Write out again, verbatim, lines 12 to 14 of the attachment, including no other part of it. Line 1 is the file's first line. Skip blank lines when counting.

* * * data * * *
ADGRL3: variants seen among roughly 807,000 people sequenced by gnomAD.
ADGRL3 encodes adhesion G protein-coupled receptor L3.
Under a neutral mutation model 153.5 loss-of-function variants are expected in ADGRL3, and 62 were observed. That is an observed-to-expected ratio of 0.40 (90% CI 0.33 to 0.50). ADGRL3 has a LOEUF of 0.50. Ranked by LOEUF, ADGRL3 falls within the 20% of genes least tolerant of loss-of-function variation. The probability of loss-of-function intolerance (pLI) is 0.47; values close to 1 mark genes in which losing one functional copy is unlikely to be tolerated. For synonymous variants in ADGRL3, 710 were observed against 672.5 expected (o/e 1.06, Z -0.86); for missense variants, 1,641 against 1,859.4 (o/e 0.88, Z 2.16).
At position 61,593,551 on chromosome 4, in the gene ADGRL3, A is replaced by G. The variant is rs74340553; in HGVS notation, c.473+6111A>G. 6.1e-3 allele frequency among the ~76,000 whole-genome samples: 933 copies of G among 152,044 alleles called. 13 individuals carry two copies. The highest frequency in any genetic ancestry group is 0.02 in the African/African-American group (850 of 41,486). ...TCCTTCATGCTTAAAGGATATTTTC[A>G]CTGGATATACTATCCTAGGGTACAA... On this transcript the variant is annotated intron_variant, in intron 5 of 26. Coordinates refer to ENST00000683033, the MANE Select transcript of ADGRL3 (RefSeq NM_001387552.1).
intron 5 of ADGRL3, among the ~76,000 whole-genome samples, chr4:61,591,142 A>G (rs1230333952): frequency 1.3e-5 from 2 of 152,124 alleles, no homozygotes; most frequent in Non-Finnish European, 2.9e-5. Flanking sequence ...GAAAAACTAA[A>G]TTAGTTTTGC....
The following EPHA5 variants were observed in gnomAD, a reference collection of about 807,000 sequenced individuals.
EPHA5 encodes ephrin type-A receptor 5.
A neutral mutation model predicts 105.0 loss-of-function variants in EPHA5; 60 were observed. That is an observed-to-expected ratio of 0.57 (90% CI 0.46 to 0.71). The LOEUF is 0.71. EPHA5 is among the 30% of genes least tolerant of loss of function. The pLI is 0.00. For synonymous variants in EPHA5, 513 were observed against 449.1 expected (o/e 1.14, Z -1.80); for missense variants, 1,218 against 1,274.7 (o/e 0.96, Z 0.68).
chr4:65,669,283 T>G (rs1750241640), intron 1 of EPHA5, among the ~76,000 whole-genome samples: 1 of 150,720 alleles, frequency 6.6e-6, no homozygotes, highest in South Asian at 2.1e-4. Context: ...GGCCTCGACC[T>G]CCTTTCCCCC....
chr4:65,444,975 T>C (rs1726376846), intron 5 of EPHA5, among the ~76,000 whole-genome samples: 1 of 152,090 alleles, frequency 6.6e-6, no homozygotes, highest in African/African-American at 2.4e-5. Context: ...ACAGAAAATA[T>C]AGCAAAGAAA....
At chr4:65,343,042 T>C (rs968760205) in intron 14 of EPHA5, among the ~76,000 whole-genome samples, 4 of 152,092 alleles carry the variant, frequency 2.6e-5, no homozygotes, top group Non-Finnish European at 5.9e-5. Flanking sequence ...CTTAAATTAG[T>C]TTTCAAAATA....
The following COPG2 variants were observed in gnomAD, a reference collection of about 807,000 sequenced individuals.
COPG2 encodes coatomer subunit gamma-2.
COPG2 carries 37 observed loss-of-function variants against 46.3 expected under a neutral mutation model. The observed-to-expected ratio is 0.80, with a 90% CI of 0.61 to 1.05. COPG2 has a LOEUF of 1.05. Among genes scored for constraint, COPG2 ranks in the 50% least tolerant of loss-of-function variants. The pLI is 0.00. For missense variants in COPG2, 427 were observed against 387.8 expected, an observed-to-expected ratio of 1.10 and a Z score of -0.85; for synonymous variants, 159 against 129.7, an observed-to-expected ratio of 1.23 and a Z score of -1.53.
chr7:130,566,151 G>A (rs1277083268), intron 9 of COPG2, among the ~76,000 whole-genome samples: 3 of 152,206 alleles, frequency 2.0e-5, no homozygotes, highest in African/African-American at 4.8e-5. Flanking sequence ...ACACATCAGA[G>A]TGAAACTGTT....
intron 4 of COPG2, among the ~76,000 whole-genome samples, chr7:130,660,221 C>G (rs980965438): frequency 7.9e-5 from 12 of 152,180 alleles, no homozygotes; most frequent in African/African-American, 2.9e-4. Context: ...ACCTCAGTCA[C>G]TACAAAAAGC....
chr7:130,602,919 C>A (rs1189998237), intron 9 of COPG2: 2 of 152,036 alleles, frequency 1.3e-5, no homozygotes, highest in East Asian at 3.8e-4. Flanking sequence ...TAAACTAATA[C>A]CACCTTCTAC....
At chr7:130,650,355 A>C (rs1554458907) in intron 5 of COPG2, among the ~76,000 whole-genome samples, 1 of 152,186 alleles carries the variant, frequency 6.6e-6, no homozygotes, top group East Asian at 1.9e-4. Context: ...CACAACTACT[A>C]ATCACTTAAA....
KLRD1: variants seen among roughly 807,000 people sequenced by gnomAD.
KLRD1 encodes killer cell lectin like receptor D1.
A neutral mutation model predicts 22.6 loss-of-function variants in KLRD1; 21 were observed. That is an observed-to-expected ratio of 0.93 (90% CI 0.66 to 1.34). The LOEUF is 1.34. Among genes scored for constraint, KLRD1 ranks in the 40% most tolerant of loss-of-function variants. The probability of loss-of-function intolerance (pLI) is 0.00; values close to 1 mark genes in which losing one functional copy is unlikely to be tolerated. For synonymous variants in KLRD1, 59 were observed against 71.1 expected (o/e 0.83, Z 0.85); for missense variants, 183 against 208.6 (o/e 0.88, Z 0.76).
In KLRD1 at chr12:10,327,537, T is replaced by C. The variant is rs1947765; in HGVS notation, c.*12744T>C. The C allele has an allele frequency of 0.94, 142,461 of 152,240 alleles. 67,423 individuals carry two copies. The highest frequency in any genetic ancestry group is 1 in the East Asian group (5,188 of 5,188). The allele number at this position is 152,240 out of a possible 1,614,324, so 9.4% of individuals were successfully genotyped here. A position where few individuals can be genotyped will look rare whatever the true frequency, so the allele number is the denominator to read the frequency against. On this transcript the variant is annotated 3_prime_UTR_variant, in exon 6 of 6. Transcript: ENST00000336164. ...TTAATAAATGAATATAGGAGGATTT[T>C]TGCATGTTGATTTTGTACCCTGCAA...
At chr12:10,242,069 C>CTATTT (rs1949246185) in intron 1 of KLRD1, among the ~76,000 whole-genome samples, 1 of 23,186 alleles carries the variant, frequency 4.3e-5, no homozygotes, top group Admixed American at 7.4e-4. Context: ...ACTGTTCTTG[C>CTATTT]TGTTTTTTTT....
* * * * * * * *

The following COPG2 variants were observed in gnomAD, a reference collection of about 807,000 sequenced individuals.
COPG2 encodes coatomer subunit gamma-2.
COPG2 carries 37 observed loss-of-function variants against 46.3 expected under a neutral mutation model. The observed-to-expected ratio is 0.80, with a 90% CI of 0.61 to 1.05. COPG2 has a LOEUF of 1.05. Among genes scored for constraint, COPG2 ranks in the 50% least tolerant of loss-of-function variants. The pLI is 0.00. For missense variants in COPG2, 427 were observed against 387.8 expected, an observed-to-expected ratio of 1.10 and a Z score of -0.85; for synonymous variants, 159 against 129.7, an observed-to-expected ratio of 1.23 and a Z score of -1.53.